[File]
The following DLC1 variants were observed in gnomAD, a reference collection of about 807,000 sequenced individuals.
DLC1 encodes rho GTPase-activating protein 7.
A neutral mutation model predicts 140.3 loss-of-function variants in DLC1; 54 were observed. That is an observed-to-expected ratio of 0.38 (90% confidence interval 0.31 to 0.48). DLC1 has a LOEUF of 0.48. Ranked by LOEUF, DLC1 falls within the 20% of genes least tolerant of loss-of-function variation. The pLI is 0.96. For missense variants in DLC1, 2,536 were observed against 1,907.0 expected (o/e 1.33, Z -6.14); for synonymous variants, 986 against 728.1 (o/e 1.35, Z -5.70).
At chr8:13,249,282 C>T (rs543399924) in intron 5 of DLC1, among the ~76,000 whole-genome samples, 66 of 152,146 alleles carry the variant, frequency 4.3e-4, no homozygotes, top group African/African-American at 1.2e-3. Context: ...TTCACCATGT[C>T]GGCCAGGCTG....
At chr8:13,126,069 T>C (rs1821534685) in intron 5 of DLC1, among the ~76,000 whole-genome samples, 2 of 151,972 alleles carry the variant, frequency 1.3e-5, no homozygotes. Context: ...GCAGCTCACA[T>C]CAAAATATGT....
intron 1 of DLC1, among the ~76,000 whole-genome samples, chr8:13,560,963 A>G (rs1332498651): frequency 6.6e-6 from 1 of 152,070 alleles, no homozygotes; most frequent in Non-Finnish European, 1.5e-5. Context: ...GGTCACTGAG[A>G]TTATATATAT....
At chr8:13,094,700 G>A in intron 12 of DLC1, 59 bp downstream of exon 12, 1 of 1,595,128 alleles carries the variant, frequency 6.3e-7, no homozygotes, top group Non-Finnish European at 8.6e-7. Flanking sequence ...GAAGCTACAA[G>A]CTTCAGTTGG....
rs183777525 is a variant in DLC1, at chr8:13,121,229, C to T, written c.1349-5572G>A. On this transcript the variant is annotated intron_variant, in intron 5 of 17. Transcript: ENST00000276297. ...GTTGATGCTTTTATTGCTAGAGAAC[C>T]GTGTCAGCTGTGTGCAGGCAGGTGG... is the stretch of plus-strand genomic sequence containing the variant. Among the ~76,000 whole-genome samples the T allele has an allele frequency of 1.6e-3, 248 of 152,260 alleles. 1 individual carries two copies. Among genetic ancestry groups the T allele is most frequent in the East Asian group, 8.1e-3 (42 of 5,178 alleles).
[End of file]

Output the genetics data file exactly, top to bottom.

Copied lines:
The following DLC1 variants were observed in gnomAD, a reference collection of about 807,000 sequenced individuals.
DLC1 encodes rho GTPase-activating protein 7.
A neutral mutation model predicts 140.3 loss-of-function variants in DLC1; 54 were observed. That is an observed-to-expected ratio of 0.38 (90% confidence interval 0.31 to 0.48). DLC1 has a LOEUF of 0.48. Ranked by LOEUF, DLC1 falls within the 20% of genes least tolerant of loss-of-function variation. The pLI is 0.96. For missense variants in DLC1, 2,536 were observed against 1,907.0 expected (o/e 1.33, Z -6.14); for synonymous variants, 986 against 728.1 (o/e 1.35, Z -5.70).
At chr8:13,249,282 C>T (rs543399924) in intron 5 of DLC1, among the ~76,000 whole-genome samples, 66 of 152,146 alleles carry the variant, frequency 4.3e-4, no homozygotes, top group African/African-American at 1.2e-3. Context: ...TTCACCATGT[C>T]GGCCAGGCTG....
At chr8:13,126,069 T>C (rs1821534685) in intron 5 of DLC1, among the ~76,000 whole-genome samples, 2 of 151,972 alleles carry the variant, frequency 1.3e-5, no homozygotes. Context: ...GCAGCTCACA[T>C]CAAAATATGT....
intron 1 of DLC1, among the ~76,000 whole-genome samples, chr8:13,560,963 A>G (rs1332498651): frequency 6.6e-6 from 1 of 152,070 alleles, no homozygotes; most frequent in Non-Finnish European, 1.5e-5. Context: ...GGTCACTGAG[A>G]TTATATATAT....
At chr8:13,094,700 G>A in intron 12 of DLC1, 59 bp downstream of exon 12, 1 of 1,595,128 alleles carries the variant, frequency 6.3e-7, no homozygotes, top group Non-Finnish European at 8.6e-7. Flanking sequence ...GAAGCTACAA[G>A]CTTCAGTTGG....
rs183777525 is a variant in DLC1, at chr8:13,121,229, C to T, written c.1349-5572G>A. On this transcript the variant is annotated intron_variant, in intron 5 of 17. Transcript: ENST00000276297. ...GTTGATGCTTTTATTGCTAGAGAAC[C>T]GTGTCAGCTGTGTGCAGGCAGGTGG... is the stretch of plus-strand genomic sequence containing the variant. Among the ~76,000 whole-genome samples the T allele has an allele frequency of 1.6e-3, 248 of 152,260 alleles. 1 individual carries two copies. Among genetic ancestry groups the T allele is most frequent in the East Asian group, 8.1e-3 (42 of 5,178 alleles).